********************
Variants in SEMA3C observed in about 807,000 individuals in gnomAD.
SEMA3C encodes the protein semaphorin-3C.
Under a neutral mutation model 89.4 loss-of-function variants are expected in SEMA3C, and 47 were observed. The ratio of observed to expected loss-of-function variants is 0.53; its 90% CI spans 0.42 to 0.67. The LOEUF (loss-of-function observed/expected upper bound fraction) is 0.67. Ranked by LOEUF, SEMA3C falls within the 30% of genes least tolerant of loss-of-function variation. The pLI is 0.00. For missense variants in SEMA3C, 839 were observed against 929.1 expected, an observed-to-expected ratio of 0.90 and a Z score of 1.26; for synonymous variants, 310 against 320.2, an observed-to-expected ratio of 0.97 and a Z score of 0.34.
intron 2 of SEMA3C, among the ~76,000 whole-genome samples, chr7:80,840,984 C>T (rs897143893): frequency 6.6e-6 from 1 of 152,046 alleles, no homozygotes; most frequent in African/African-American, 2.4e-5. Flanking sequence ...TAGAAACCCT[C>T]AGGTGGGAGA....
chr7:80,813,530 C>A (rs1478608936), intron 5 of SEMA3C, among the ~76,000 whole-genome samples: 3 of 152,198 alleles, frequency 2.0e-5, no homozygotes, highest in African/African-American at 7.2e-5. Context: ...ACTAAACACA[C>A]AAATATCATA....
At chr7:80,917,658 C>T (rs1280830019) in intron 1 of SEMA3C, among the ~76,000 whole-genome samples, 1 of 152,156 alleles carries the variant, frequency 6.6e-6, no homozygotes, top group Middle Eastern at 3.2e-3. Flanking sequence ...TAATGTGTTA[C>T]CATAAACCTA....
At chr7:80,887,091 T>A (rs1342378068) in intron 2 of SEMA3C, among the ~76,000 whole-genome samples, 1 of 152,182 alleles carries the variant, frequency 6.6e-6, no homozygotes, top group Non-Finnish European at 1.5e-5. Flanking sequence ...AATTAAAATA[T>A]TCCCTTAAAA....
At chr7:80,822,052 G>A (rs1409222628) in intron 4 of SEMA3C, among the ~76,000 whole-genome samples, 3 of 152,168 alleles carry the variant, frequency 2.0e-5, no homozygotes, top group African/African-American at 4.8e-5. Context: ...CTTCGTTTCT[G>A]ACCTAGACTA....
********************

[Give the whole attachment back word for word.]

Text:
Variants in SEMA3C observed in about 807,000 individuals in gnomAD.
SEMA3C encodes the protein semaphorin-3C.
Under a neutral mutation model 89.4 loss-of-function variants are expected in SEMA3C, and 47 were observed. The ratio of observed to expected loss-of-function variants is 0.53; its 90% CI spans 0.42 to 0.67. The LOEUF (loss-of-function observed/expected upper bound fraction) is 0.67. Ranked by LOEUF, SEMA3C falls within the 30% of genes least tolerant of loss-of-function variation. The pLI is 0.00. For missense variants in SEMA3C, 839 were observed against 929.1 expected, an observed-to-expected ratio of 0.90 and a Z score of 1.26; for synonymous variants, 310 against 320.2, an observed-to-expected ratio of 0.97 and a Z score of 0.34.
intron 2 of SEMA3C, among the ~76,000 whole-genome samples, chr7:80,840,984 C>T (rs897143893): frequency 6.6e-6 from 1 of 152,046 alleles, no homozygotes; most frequent in African/African-American, 2.4e-5. Flanking sequence ...TAGAAACCCT[C>T]AGGTGGGAGA....
chr7:80,813,530 C>A (rs1478608936), intron 5 of SEMA3C, among the ~76,000 whole-genome samples: 3 of 152,198 alleles, frequency 2.0e-5, no homozygotes, highest in African/African-American at 7.2e-5. Context: ...ACTAAACACA[C>A]AAATATCATA....
At chr7:80,917,658 C>T (rs1280830019) in intron 1 of SEMA3C, among the ~76,000 whole-genome samples, 1 of 152,156 alleles carries the variant, frequency 6.6e-6, no homozygotes, top group Middle Eastern at 3.2e-3. Flanking sequence ...TAATGTGTTA[C>T]CATAAACCTA....
At chr7:80,887,091 T>A (rs1342378068) in intron 2 of SEMA3C, among the ~76,000 whole-genome samples, 1 of 152,182 alleles carries the variant, frequency 6.6e-6, no homozygotes, top group Non-Finnish European at 1.5e-5. Flanking sequence ...AATTAAAATA[T>A]TCCCTTAAAA....
At chr7:80,822,052 G>A (rs1409222628) in intron 4 of SEMA3C, among the ~76,000 whole-genome samples, 3 of 152,168 alleles carry the variant, frequency 2.0e-5, no homozygotes, top group African/African-American at 4.8e-5. Context: ...CTTCGTTTCT[G>A]ACCTAGACTA....